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Performance anxiety: kids not exempt

Teaching Kids to Relax Playing Sports

Performance exhaling is one technique


It might seem a little odd to think about a ten-year-old soccer player suffering from performance anxiety, a term usually reserved for adult athletes who choke under pressure, but chances are that, as a parent, you have seen a youth athlete, either your child or one of his teammates, suffer from performance anxiety too. Coach with young girls soccer players on bench

Signs of performance anxiety

Using soccer as an example, a child may be suffering from performance anxiety if she:

  • Can't sleep the night before a game.
  • When it is time to leave for the game, tells you that she doesn't want to play that day (or says she is feeling sick).
  • Cries or becomes upset after making a bad pass or missing a scoring opportunity.
  • Shies away when the ball comes in her direction.
  • Likes to kick the ball in practice but never really looks comfortable on the field during the game.

Pressure cooker

These are just a few of the things that parents may notice as they watch their children develop in youth soccer, or any sport, for that matter. Many of the events that make us uncomfortable as parents are developmental skill issues that the coach should be addressing.  Any time a young player starts to have success, he builds confidence. Once  he builds confidence in his ability during practice situations, the more likely he will be able to show off his new skills during an actual game.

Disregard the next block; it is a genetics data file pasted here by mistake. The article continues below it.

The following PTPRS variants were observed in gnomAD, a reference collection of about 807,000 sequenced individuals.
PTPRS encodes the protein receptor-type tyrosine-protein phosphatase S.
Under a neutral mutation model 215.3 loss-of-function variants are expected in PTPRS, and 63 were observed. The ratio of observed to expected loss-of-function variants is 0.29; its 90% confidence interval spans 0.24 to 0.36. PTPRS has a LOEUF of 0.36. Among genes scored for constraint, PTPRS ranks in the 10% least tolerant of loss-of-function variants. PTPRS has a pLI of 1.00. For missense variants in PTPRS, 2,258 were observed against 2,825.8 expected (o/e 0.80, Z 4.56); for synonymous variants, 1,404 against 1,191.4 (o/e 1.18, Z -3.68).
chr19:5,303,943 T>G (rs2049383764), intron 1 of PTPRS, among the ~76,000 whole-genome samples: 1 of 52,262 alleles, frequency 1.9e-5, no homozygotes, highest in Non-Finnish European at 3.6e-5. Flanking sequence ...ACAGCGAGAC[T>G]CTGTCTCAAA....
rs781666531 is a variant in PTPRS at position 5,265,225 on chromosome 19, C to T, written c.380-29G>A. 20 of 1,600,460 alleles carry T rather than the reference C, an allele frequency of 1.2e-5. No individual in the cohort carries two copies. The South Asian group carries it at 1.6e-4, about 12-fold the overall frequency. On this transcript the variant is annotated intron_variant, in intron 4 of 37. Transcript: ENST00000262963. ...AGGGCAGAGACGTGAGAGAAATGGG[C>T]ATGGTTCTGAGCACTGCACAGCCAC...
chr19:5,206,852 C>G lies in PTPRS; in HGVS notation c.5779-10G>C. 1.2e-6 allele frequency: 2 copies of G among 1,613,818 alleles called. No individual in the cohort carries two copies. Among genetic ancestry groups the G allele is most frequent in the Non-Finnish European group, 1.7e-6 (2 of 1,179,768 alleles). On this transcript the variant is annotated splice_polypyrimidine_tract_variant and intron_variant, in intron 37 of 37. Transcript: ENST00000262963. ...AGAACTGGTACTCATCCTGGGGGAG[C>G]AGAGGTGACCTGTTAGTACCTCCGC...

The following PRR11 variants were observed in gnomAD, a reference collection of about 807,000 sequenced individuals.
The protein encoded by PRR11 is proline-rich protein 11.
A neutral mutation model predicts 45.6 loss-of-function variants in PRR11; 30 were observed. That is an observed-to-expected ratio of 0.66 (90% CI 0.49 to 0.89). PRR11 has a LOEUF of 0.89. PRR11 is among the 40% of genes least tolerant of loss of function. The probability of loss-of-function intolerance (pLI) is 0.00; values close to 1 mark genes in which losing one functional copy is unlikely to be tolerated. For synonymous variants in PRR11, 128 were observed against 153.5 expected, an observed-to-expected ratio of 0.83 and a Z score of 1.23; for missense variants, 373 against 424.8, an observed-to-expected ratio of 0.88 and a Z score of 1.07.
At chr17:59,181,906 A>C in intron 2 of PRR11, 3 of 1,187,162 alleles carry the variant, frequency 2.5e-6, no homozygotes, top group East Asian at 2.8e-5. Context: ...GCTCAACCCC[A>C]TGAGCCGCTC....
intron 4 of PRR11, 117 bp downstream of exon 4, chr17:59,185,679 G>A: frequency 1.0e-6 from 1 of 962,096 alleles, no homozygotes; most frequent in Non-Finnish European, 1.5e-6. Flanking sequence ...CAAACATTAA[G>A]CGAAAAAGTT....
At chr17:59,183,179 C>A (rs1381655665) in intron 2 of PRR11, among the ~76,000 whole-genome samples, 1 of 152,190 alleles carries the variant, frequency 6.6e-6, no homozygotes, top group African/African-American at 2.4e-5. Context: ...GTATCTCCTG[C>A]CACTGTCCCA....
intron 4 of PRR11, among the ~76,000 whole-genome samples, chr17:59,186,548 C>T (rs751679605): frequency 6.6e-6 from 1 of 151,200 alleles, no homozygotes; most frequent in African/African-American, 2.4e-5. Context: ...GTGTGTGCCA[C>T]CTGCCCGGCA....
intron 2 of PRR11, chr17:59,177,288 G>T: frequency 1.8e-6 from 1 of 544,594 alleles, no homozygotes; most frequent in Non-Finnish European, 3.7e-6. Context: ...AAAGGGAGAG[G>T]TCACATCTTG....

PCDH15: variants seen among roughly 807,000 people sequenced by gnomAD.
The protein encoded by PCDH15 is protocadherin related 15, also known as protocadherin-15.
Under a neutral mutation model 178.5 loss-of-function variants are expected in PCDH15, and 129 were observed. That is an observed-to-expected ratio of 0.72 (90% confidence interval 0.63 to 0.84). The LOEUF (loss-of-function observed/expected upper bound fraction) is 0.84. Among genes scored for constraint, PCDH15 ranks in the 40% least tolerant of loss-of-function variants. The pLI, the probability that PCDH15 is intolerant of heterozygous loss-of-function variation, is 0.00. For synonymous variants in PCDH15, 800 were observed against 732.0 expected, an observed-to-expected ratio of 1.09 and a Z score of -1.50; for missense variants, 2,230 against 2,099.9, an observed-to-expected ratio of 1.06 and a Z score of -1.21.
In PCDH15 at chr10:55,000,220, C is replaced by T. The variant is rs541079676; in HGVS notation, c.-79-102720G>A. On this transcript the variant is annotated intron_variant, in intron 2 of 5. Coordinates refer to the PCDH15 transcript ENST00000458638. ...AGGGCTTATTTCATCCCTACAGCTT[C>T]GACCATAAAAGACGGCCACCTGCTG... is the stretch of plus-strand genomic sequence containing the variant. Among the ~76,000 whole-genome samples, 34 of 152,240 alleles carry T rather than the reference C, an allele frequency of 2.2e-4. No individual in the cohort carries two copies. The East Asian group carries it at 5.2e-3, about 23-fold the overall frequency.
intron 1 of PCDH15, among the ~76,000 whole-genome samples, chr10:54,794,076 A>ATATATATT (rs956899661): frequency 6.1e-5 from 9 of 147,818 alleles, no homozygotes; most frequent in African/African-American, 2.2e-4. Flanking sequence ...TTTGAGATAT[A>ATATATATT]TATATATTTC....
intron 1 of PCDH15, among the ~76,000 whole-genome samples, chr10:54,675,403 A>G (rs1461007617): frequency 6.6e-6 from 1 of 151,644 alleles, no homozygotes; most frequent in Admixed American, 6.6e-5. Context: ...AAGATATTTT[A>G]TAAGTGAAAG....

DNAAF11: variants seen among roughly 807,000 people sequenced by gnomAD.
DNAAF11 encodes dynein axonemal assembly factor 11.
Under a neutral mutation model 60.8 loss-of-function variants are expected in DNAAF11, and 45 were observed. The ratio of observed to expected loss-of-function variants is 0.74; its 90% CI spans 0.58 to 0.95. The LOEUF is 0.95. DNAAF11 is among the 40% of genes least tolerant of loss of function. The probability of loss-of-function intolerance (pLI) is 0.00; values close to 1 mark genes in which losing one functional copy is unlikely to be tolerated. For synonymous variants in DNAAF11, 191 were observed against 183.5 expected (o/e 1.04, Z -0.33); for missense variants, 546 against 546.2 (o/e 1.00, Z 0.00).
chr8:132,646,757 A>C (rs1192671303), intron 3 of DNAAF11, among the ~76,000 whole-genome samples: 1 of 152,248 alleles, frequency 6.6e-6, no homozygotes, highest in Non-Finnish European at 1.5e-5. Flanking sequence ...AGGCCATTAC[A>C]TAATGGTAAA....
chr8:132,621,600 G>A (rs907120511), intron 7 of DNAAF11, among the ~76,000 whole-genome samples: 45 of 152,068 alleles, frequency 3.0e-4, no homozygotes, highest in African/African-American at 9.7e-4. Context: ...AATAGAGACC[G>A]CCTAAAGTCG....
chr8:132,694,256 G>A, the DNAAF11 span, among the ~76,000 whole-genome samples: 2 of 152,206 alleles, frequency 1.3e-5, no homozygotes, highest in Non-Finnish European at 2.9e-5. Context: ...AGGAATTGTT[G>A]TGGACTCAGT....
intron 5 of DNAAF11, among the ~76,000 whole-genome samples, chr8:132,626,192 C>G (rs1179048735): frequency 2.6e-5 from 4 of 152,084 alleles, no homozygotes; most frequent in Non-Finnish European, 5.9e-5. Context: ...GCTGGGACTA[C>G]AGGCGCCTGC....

However, some of these sport development issues concern anxiety. Children in general are under more pressure today than ever to perform to adults' expectations.  More children than ever are developing anxiety disorders as they try to deal with the pressure of standardized tests and living up to their parents' expectations.  It is no surprise, then, to see such anxiety during sports competitions .

Sometimes we will tell our young player to relax while they are  playing.  But if we do not teach them to "relax under pressure," then telling them to relax can end up actually increasing the pressure and anxiety they feel.

Performance exhaling

There are several different relaxation skills that a parent can teach their young player. The easiest is breathing. That sounds weird, since we all are breathing. But when we help players learn how to exhale effectively, their enjoyment of the game can improve.

Here are the steps that I advise parents teach young players about  performance exhaling:

  • Teach them to experience the relaxation response that comes with intentional exhaling. Do this in the comfort of your home. Practice every day so that it becomes natural.
  • Help the player to recognize when to do a performance exhale in the game. In baseball, for example, a performance exhale can help to reduce performance anxiety: 
    • As part of a battter's routine when the settling into the batter's box before each pitch 
    • For pitchers, just before begining their wind up (if you watch major league baseball, you will see pitchers, especially closers, do this all the time)
    • For a field player, as the pitcher starts his windup and they get into their set position.

Relax under pressure for peak performance

Your young player will start to build and experience confidence as they relax under pressure.

  • They will be more focused for each play in the game;
  • They will probably improve their skill level; and
  • Most importantly, they will enjoy the game more.

In sum, performance anxiety is not just for adults. As we teach our children how to relax under pressure" they can use these skills to improve their performance and enjoyment in both sports and at school.

Revised September 16, 2011